Sometimes I think I take things too literally.

I'm pretty sure that when Laura mentioned she had put holes in the bottom of her potato planting garbage can by going to town with a pitchfork, she wasn't actually suggesting that as the best method for getting the job done! Nonetheless…


…here I am. Having way too much fun with a pitchfork.


Crazy pregnant lady!


Hey, it got the job done and I didn't even have to go find my hubby's drill! My kids got a kick out of watching me. I got some exercise. It's all good! 🙂


The end result. You can't actually see the holes very well, but they're in there. I didn't put too many holes, actually, because if you look closely on the sides you might (or then again, might not) be able to see that there are already significant cracks that will help with the drainage.

By the way, this garbage can was scored off of Freecycle last week. I had previously had an old garbage can in mind, leftover from a previous downstairs tenant, but I think my landlord must have taken it to the dump. Suddenly, I had beautiful seed potatoes ready to go and no can (plus, no desire to fork out $15-20 to buy one). I put up a wanted add for an old can, lid or no lid, and was rewarded with this "beauty". Free is good, and recycling useful stuff that other people don't want is even better!


Now we've added about a foot of soil and compost, and our seed potatoes. It's difficult to tell, but three of them are a yellow potato, and two of them are blue-purple potatoes. The varieties I chose are:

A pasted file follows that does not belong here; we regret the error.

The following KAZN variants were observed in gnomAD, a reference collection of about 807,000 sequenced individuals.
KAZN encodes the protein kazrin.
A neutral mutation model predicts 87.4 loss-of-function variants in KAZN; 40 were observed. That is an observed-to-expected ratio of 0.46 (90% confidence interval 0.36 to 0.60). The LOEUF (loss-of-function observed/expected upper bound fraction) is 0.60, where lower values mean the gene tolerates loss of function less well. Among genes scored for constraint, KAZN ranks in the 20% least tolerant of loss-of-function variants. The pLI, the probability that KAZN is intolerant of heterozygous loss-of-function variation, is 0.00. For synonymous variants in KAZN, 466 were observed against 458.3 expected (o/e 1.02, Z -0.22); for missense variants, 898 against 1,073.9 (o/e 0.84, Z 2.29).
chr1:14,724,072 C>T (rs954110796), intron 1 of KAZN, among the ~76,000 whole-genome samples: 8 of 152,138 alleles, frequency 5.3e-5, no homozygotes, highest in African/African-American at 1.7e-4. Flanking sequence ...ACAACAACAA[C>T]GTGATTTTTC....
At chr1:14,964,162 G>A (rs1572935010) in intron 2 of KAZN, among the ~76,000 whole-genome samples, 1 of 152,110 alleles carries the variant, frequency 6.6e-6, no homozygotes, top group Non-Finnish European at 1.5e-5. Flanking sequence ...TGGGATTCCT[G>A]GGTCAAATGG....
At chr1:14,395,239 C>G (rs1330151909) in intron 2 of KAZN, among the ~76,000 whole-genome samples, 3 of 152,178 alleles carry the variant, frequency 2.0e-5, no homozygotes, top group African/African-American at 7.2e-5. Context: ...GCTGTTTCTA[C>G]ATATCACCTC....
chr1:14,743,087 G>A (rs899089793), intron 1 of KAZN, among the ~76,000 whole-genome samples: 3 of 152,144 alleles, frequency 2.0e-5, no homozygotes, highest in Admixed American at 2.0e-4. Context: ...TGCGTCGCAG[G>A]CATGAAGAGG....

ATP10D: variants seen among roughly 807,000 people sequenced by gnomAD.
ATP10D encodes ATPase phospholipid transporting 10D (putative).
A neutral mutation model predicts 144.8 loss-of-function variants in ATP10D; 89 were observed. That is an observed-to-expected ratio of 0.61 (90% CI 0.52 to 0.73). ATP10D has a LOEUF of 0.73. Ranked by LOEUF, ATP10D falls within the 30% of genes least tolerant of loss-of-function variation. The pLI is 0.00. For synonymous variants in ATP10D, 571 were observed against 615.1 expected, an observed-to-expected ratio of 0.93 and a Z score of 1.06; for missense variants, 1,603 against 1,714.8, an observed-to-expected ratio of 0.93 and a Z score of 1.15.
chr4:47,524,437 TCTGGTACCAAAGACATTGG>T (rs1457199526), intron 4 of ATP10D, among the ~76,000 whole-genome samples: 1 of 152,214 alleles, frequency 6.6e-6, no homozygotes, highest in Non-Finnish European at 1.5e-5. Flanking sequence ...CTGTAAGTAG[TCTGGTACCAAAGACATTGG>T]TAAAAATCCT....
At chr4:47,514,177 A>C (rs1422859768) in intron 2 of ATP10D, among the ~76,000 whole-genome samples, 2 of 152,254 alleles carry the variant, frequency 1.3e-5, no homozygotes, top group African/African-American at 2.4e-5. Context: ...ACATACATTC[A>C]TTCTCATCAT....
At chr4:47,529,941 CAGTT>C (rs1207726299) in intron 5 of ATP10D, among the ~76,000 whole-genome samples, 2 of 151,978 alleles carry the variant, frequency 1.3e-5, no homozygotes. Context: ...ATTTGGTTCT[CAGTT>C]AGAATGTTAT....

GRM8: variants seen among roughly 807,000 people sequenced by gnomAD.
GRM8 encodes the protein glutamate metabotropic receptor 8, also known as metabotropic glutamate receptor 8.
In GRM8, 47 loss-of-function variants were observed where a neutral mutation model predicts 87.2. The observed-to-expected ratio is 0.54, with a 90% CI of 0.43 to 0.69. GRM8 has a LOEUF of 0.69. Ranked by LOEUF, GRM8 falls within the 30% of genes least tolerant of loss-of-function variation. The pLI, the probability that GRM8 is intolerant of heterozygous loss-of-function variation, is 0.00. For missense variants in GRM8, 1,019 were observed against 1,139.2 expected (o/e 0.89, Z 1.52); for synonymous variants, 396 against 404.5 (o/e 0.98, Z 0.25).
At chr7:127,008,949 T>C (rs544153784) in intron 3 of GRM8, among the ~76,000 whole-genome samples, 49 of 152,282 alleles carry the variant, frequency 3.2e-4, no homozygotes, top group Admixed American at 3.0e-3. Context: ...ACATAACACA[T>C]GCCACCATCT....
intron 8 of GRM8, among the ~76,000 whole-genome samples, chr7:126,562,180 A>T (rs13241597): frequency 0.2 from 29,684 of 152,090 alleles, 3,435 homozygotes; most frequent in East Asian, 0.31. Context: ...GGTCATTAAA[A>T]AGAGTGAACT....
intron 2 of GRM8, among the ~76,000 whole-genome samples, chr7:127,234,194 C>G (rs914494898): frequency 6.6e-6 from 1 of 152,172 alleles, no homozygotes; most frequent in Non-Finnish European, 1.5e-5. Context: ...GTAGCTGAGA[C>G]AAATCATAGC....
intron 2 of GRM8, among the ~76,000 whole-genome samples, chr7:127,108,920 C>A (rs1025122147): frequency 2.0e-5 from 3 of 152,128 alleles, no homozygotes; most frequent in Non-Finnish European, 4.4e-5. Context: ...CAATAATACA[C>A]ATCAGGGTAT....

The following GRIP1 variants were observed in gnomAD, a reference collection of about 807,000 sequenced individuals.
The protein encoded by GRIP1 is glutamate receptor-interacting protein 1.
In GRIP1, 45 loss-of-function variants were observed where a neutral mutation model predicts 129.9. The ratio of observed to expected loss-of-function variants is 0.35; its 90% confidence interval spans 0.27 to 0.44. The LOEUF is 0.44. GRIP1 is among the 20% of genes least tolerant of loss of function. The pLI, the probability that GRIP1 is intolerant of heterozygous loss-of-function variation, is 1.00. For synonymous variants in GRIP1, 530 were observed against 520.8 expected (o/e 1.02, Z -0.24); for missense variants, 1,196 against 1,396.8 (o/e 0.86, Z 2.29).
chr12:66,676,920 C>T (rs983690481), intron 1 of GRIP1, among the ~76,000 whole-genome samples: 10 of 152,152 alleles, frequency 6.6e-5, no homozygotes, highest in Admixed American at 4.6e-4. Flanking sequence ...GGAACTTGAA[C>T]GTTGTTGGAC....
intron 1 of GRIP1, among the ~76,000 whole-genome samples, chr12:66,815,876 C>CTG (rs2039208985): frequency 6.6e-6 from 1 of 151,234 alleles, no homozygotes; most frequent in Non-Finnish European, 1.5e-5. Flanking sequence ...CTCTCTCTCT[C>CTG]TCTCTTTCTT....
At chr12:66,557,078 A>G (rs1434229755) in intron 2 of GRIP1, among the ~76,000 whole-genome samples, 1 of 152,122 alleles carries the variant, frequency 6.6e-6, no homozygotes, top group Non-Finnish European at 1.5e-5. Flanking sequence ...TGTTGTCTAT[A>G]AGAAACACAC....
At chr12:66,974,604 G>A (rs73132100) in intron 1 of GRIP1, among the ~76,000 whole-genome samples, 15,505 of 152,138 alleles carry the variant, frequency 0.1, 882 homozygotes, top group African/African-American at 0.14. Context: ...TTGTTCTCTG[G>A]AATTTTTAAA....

Russian Blue


We covered these up with a few more inches of compost and soil, and stuck it in a nice sunny place, right beside the garden.

As an aside, if you live in the Fraser Valley, BC, and are looking for somewhere local to buy heirloom seeds and a great variety of starter seedlings and plants (including a few heirlooms and more interesting varieties than many other garden centers), try checking out Arts Nursery. That's where I picked up my unique seed potatoes. I was so pleased to find their West Coast heirloom seed selection to fill in any gaps I have this summer, without having to do another seed order by mail.


While we were out planting potatoes, we took stock of the rest of the garden. The cauliflower seedlings that I put out last week are quite happy (they're a bit tough to see, but up close, they're perky and green).


The broccoli… not so much. What broccoli, you ask? The ones that have apparently already completely died on me, after nearly two months of babying them from seed. The nerve.

Seeing as I still had over half of the seed potatoes I bought leftover from the garbage can method, I decided to leave in place the few broccoli that still had a fighting chance, and replace the rest with potatoes. It'll actually be a fun experiment, to see which produces more, the ones in the garden or in the can. Any guesses?


One last image of my happy little pea sprouts, that ended up incredibly unevenly spaced. This year I digressed from my usual Square Foot Gardening-style spacing (precise, grid like planting), and decided to try broadcasting my seeds in wide rows (ie: closing my eyes and hoping the seed lands where it's supposed to, or something to that extent). I really, truly did try to spread the seed out evenly over the whole area. Apparently the seeds on the edges are in mutiny. They're longing for a return to the olden days. Sorry little guys.

All that's left for my spring garden planting is sweet corn, cucumbers and zucchini! Whohoo! Then there are a few more herbs inside, as well as my lovely little tomato plants, one pepper plant, and a couple of Sugar Baby watermelon seedlings. I anticipate I'll get all of these ones out in another month or so.

That's my garden update. How are your gardens doing (or your garden planning and preparation, if you're still waiting for the last of the snow to melt away)?